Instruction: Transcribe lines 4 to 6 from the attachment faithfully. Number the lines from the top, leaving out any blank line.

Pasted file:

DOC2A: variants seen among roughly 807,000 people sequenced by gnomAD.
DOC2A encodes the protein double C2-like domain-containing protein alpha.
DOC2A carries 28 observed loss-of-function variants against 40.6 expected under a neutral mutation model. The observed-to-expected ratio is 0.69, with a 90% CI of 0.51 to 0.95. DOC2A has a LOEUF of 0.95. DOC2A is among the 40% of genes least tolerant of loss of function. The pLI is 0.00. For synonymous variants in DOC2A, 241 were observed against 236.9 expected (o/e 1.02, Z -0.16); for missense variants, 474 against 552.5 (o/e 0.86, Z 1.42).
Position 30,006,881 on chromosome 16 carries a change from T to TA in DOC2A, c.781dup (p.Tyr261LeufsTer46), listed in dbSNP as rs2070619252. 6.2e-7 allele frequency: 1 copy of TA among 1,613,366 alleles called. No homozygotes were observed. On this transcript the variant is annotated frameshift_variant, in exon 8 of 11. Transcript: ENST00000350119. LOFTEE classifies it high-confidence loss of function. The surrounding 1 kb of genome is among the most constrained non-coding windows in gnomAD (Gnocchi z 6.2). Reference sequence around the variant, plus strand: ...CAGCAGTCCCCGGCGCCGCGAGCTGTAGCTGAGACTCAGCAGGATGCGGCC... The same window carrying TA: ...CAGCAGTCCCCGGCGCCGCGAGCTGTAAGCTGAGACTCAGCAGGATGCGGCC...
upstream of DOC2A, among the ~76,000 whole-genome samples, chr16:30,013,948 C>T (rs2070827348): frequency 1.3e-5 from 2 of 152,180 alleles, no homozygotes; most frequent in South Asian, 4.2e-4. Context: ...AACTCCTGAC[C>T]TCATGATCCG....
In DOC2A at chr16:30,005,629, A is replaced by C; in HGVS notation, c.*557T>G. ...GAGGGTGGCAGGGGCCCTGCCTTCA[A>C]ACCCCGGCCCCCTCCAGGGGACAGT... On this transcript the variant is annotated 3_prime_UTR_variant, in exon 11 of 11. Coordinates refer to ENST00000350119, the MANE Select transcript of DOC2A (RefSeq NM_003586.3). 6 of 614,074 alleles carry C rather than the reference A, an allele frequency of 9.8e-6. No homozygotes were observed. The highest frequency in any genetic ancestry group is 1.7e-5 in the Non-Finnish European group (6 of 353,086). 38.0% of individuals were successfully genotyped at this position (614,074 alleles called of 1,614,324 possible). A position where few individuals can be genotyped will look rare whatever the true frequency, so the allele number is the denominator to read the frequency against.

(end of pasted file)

Position 30,006,881 on chromosome 16 carries a change from T to TA in DOC2A, c.781dup (p.Tyr261LeufsTer46), listed in dbSNP as rs2070619252. 6.2e-7 allele frequency: 1 copy of TA among 1,613,366 alleles called. No homozygotes were observed. On this transcript the variant is annotated frameshift_variant, in exon 8 of 11. Transcript: ENST00000350119. LOFTEE classifies it high-confidence loss of function. The surrounding 1 kb of genome is among the most constrained non-coding windows in gnomAD (Gnocchi z 6.2). Reference sequence around the variant, plus strand: ...CAGCAGTCCCCGGCGCCGCGAGCTGTAGCTGAGACTCAGCAGGATGCGGCC... The same window carrying TA: ...CAGCAGTCCCCGGCGCCGCGAGCTGTAAGCTGAGACTCAGCAGGATGCGGCC...
upstream of DOC2A, among the ~76,000 whole-genome samples, chr16:30,013,948 C>T (rs2070827348): frequency 1.3e-5 from 2 of 152,180 alleles, no homozygotes; most frequent in South Asian, 4.2e-4. Context: ...AACTCCTGAC[C>T]TCATGATCCG....
In DOC2A at chr16:30,005,629, A is replaced by C; in HGVS notation, c.*557T>G. ...GAGGGTGGCAGGGGCCCTGCCTTCA[A>C]ACCCCGGCCCCCTCCAGGGGACAGT... On this transcript the variant is annotated 3_prime_UTR_variant, in exon 11 of 11. Coordinates refer to ENST00000350119, the MANE Select transcript of DOC2A (RefSeq NM_003586.3). 6 of 614,074 alleles carry C rather than the reference A, an allele frequency of 9.8e-6. No homozygotes were observed. The highest frequency in any genetic ancestry group is 1.7e-5 in the Non-Finnish European group (6 of 353,086). 38.0% of individuals were successfully genotyped at this position (614,074 alleles called of 1,614,324 possible). A position where few individuals can be genotyped will look rare whatever the true frequency, so the allele number is the denominator to read the frequency against.